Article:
Eight Expert Conversations on Building Equity Into Implementation

Posted October 10, 2021
By the Annie E. Casey Foundation
An outdoorr scene featuring an older man of color laughing as he stands next to two younger men, both seated and smiling. One has a basketball in his hands.

How can prac­ti­tion­ers take equi­ty into con­sid­er­a­tion as they deliv­er pro­grams and inter­ven­tions for chil­dren, young peo­ple and fam­i­lies? How might they need to adapt those pro­grams to make them rel­e­vant and acces­si­ble to a par­tic­u­lar com­mu­ni­ty and make sure affect­ed par­tic­i­pants are at the deci­sion-mak­ing table? 

A new vir­tu­al series host­ed by the Annie E. Casey Foun­da­tion and the UNC School of Social Work cap­tured eight con­ver­sa­tions devot­ed to explor­ing answers to these ques­tions. The dis­cus­sions are tied to arti­cles in Bring­ing Equi­ty to Imple­men­ta­tion, a recent spe­cial sup­ple­ment to the Stan­ford Social Inno­va­tion Review that exam­ined crit­i­cal fac­tors and actions for advanc­ing equi­ty in implementation. 

What Is Imple­men­ta­tion Science?

Imple­men­ta­tion sci­ence is the study of fac­tors that influ­ence the effec­tive­ness of human ser­vice prac­tices, pro­grams and poli­cies. It is an evolv­ing field — one that bridges research evi­dence to the real-world set­tings of ser­vice deliv­ery — that ini­tial­ly focused on top­ics such as repli­cat­ing and scal­ing rig­or­ous­ly eval­u­at­ed evi­dence-based prac­tices. More recent­ly, lead­ers in imple­men­ta­tion sci­ence have exam­ined how to adapt evi­dence-based prac­tices to ensure that they are acces­si­ble and rel­e­vant to com­mu­ni­ties of col­or and to engage their res­i­dents in help­ing to define and apply evidence. 

Eight Con­ver­sa­tions About Equi­ty in Implementation

The con­ver­sa­tions, fea­tur­ing authors of the arti­cles in the sup­ple­ment, include:

Youth Lead­er­ship in Action

Leonard Bur­ton of the Cen­ter for the Study of Social Pol­i­cy and Elliot Hin­kle of Uni­corn Solu­tions LLC dis­cuss how young peo­ple helped shape an ini­tia­tive, Youth Thrive, that address­es the chal­lenges they faced in fos­ter care.

Com­mu­ni­ty-Defined Evi­dence as a Frame­work for Equi­table Implementation

Gilber­to Perez Jr. of Bien­venido Com­mu­ni­ty Solu­tions and Lin­da Calle­jas of the Uni­ver­si­ty of South Flori­da intro­duce the Bien­venido pro­gram, which engages Lati­no com­mu­ni­ties to bet­ter under­stand their men­tal health con­cerns and devel­op pro­gram­ming that bet­ter meets their needs.

Com­mu­ni­ty Takes the Wheel

Win­some Stone of the Rhode Island Depart­ment of Chil­dren Youth and Fam­i­lies and Matthew Billings of the Chil­dren and Youth Cab­i­net of Rhode Island talk about com­mu­ni­ty involve­ment in Evidence2Success™, a Casey Foun­da­tion frame­work that helps com­mu­ni­ties make smart invest­ments in evi­dence-based programs.

Trust the People

Blake Strode of ArchC­i­ty Defend­ers and Amy Mor­ris of Ampli­fy Fund dis­cuss how to shift deci­sion-mak­ing pow­er to peo­ple clos­est to the prob­lems that fun­ders are try­ing to solve.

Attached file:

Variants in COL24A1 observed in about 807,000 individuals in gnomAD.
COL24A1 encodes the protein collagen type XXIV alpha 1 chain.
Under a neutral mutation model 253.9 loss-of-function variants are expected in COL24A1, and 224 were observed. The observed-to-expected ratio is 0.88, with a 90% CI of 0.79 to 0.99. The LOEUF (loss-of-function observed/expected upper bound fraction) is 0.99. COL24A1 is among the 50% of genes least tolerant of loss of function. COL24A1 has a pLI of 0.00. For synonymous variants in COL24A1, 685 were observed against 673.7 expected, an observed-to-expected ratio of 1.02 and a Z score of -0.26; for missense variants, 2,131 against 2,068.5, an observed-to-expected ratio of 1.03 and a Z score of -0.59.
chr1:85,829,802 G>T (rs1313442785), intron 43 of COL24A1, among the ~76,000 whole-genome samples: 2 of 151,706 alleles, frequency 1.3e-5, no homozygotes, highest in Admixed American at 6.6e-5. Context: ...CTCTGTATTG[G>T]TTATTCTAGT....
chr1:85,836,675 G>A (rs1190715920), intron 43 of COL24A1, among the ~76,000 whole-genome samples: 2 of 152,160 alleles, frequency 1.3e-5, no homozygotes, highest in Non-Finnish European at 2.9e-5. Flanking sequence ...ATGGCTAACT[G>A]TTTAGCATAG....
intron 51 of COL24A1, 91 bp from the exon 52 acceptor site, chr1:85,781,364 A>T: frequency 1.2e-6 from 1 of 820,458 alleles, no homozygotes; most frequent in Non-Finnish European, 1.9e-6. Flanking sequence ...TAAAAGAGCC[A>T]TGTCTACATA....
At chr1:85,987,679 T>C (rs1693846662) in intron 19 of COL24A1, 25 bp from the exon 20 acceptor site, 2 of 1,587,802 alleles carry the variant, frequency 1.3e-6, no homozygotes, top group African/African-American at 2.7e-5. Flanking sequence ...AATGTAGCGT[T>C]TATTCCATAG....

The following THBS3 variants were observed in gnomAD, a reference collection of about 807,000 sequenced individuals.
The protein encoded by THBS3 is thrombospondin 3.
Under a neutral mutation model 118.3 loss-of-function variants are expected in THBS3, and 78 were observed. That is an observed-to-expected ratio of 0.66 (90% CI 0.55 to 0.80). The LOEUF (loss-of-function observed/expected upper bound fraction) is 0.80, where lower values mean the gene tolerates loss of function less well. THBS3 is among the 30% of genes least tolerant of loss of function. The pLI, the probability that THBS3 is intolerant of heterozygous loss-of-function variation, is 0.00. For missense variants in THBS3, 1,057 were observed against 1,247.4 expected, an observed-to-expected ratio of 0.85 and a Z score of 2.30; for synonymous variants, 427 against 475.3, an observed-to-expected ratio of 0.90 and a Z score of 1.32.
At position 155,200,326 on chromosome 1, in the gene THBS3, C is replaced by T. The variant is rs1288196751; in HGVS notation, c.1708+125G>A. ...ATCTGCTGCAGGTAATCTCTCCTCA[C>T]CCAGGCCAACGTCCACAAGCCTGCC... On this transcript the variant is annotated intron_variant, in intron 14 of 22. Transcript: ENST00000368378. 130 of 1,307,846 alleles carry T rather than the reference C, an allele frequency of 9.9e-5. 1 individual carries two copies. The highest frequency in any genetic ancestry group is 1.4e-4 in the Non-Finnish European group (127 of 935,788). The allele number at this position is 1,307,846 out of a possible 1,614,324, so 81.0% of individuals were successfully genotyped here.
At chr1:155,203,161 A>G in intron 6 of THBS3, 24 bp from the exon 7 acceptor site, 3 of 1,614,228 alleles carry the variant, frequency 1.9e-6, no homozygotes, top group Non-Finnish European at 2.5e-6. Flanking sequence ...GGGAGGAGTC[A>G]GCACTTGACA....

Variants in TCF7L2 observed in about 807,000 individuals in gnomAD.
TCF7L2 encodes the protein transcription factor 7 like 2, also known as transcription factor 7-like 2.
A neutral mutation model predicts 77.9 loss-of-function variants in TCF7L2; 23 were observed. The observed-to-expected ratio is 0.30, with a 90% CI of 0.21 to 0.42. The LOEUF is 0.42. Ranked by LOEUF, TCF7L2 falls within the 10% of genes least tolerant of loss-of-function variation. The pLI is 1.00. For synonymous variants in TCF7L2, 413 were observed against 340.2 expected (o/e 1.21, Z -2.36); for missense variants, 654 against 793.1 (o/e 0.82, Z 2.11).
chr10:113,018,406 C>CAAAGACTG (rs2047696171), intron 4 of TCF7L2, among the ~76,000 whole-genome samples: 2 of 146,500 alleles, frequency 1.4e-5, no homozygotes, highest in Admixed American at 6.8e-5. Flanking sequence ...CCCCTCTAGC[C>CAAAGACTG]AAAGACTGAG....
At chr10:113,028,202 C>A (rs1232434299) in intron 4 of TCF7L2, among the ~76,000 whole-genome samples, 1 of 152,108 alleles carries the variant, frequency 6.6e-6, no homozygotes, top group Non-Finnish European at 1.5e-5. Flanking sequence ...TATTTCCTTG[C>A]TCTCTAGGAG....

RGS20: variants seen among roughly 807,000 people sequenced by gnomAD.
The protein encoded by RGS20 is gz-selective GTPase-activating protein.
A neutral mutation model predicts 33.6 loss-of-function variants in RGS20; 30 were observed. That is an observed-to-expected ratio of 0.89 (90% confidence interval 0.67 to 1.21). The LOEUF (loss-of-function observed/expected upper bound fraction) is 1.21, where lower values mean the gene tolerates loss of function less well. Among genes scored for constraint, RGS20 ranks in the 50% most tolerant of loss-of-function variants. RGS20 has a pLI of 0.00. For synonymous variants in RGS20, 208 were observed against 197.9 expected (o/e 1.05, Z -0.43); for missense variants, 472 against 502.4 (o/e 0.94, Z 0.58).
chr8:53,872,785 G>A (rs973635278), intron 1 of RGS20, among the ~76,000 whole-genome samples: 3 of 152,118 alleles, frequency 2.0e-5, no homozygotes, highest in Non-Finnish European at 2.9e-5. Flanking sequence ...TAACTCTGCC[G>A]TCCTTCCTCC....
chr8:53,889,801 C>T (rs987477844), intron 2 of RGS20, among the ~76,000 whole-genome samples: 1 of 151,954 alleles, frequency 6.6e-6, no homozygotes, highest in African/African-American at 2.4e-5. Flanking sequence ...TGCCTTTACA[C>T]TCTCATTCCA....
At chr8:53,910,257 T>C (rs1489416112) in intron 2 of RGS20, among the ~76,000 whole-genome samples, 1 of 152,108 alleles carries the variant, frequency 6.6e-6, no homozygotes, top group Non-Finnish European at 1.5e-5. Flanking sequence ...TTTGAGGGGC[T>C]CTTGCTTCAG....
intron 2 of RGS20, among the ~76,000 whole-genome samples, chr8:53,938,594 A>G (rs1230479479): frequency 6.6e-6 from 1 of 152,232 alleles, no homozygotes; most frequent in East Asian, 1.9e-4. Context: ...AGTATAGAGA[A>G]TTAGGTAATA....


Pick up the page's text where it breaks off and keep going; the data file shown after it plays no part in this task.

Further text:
Equi­ty in Imple­men­ta­tion Sci­ence is Long Overdue

Ana Bau­mann of the Brown School of Social Work at Wash­ing­ton Uni­ver­si­ty in St. Louis high­lights about the need for a sys­temic approach to advanc­ing equi­ty across the imple­men­ta­tion sci­ence field. 

Lis­ten­ing to Black Parents

William Jack­son, Dawn X. Hen­der­son and Denise Page of Vil­lage of Wis­dom and Black par­ent researcher Court­ney McLaugh­lin par­tic­i­pate in a pan­el dis­cus­sion devot­ed to Vil­lage of Wis­dom, an effort led by Black par­ents to devel­op class­rooms into wel­com­ing, equi­table learn­ing spaces. 

Faith-based Orga­ni­za­tions as Lead­ers of Implementation

Ruben Par­ra-Car­dona of the Steve Hicks School of Social Work at the Uni­ver­si­ty of Texas at Austin and Ofe­lia Zap­a­ta of Austin’s San José Catholic Church par­tic­i­pate in a pan­el dis­cus­sion that explores the role that faith-based orga­ni­za­tions can play in imple­ment­ing pro­grams with­in immi­grant communities. 

Com­mu­ni­ty-Dri­ven Solu­tions to Address Hyper­ten­sion on Chicago’s South Side

Paris Davis of Total Resource Com­mu­ni­ty Devel­op­ment Orga­ni­za­tion and JD Smith of the Fein­berg School of Med­i­cine at North­west­ern Uni­ver­si­ty talk about lever­ag­ing strate­gic part­ner­ships involv­ing trust­ed orga­ni­za­tions and com­mu­ni­ty mem­bers to reduce mor­tal­i­ty in com­mu­ni­ties expe­ri­enc­ing car­dio­vas­cu­lar health disparities.

More on the Imple­men­ta­tion Prac­tice Vir­tu­al Series

The event began with a ple­nary talk on imple­men­ta­tion approach­es to reduce health inequities fea­tur­ing Pra­jak­ta Adsul of the Depart­ment of Inter­nal Med­i­cine at the Uni­ver­si­ty of New Mex­i­co, April Oh of the Nation­al Can­cer Insti­tute and Rachel Shel­ton of the Mail­man School of Pub­lic Health at Colum­bia Uni­ver­si­ty. Iheo­ma U. Iru­ka of the Frank Porter Gra­ham Child Devel­op­ment Insti­tute and the Depart­ment of Pub­lic Pol­i­cy at UNC Chapel Hill deliv­ered clos­ing remarks.

Health inequities are not new,” said Shel­ton at the event. But I do think that this is an impor­tant time for us to reflect on not only nam­ing struc­tur­al racism but tak­ing action to address it.”

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